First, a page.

Baghdad, Iraq, 02 May 2016 - Iraq will continue to need greater humanitarian assistance as the country’s displacement crisis shows no sign of easing, with more than 3.4 million people displaced and ongoing conflict causing thousands more families to leave their homes in search of safety, said Amin Awad, Director of the Middle East and North Africa Bureau for the UN Refugee Agency, UNHCR, concluding a visit to Erbil and Basra .
During talks in Erbil with the Prime Minister of the Kurdistan Regional Government, Nechirvan Barzani, and other senior ministers, UNHCR's MENA Director acknowledged the generosity of the KR-I authorities in providing humanitarian assistance to both Syrian refugees and displaced Iraqis despite facing serious economic challenges. Around 98% of Syrian refugees in Iraq are living in the Kurdistan Region, in addition to more than one million Iraqis displaced due to conflict – a figure accounting for 25% of the population of KR-I.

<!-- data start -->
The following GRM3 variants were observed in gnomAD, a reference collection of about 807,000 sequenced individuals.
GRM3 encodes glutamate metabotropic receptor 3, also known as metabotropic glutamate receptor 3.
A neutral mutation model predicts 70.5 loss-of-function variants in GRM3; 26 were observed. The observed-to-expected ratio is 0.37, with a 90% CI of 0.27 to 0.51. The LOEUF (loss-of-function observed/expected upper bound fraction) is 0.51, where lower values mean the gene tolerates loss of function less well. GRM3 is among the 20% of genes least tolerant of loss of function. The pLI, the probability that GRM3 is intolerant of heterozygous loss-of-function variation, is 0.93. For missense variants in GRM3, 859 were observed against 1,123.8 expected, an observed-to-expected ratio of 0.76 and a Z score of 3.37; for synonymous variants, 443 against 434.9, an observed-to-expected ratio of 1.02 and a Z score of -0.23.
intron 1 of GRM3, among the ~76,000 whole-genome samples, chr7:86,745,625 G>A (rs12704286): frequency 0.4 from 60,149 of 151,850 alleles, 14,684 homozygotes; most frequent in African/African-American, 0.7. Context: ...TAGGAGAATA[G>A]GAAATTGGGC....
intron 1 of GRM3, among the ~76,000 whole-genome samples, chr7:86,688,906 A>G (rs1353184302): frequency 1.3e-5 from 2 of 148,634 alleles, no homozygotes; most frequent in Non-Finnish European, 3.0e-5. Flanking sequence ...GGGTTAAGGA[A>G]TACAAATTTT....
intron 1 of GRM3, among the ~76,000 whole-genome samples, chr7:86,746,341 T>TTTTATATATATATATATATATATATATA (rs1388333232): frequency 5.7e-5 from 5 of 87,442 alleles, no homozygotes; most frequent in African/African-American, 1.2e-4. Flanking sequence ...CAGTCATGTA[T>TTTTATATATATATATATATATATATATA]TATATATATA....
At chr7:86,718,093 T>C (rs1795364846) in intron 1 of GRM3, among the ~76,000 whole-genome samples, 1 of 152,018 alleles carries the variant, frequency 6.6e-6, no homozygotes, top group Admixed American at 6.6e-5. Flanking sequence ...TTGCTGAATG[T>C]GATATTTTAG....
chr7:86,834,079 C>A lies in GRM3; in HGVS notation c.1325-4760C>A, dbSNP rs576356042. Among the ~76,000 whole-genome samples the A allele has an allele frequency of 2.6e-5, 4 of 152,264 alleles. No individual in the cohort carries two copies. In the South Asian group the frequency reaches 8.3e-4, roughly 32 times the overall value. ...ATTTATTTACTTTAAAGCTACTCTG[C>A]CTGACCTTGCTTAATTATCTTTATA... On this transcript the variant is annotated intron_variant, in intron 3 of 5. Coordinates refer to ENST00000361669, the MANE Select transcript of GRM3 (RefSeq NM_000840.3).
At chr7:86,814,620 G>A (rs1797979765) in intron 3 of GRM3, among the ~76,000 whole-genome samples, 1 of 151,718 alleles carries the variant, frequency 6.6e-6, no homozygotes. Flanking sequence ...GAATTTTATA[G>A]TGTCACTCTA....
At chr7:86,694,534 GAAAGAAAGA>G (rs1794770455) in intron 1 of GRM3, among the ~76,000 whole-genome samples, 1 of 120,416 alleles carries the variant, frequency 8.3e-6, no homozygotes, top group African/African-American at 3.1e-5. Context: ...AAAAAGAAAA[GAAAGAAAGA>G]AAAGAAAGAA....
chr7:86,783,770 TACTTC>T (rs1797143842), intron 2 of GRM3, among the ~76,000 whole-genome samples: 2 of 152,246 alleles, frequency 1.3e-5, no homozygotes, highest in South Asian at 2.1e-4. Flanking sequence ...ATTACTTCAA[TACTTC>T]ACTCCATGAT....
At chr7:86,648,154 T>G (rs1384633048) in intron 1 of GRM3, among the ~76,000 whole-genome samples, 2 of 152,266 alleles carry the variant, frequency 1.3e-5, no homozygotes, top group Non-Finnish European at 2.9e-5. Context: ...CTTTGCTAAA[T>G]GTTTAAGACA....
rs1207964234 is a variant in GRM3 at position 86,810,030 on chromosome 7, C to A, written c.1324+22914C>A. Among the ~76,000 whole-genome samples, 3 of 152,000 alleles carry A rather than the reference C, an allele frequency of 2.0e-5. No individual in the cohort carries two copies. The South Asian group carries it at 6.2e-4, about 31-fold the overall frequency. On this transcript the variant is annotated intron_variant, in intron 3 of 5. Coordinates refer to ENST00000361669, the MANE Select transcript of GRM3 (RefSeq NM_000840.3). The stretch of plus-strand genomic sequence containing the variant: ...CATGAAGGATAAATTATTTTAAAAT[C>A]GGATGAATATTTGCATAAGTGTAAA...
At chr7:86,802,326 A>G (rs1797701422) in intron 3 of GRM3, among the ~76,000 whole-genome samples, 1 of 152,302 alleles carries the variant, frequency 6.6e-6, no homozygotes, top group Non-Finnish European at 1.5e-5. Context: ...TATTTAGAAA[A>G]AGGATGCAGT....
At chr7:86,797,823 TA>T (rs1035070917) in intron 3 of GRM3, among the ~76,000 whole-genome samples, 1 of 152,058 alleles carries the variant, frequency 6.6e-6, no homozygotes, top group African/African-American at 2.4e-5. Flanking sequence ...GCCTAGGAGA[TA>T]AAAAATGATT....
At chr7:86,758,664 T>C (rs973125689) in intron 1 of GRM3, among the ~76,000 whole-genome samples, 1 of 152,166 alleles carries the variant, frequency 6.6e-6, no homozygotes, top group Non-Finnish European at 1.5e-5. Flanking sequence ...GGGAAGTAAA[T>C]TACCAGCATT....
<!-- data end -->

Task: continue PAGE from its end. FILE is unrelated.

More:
Mr Awad visited Debaga camp in Makhmour district in KR-I, where more than six thousand newly displaced people have sought shelter and are living in overcrowded conditions. UNHCR is going to provide additional shelter for 550 families at a new tented camp set up by the agency at the football stadium.
Families in Debaga have fled their villages as the Iraqi Security Forces continue their operations to re-take control of villages held by extremist groups.
UNHCR’s MENA Director acknowledged that the situation was likely to worsen. "As the Iraqi security forces continue their advance towards the Tigris river, civilians continue to flee their homes to avoid being caught up in military clashes. We anticipate that there could be up to 30,000 newly-displaced arriving in Makhmour in the next few weeks”, he warned. He said UNHCR was drawing up contingency plans to be able to prepare for the fresh displacements. "UNHCR will have to build additional capacity to receive displaced people, and we are surveying areas for possible location of new camps to shelter an additional 20,000 individuals”, he added.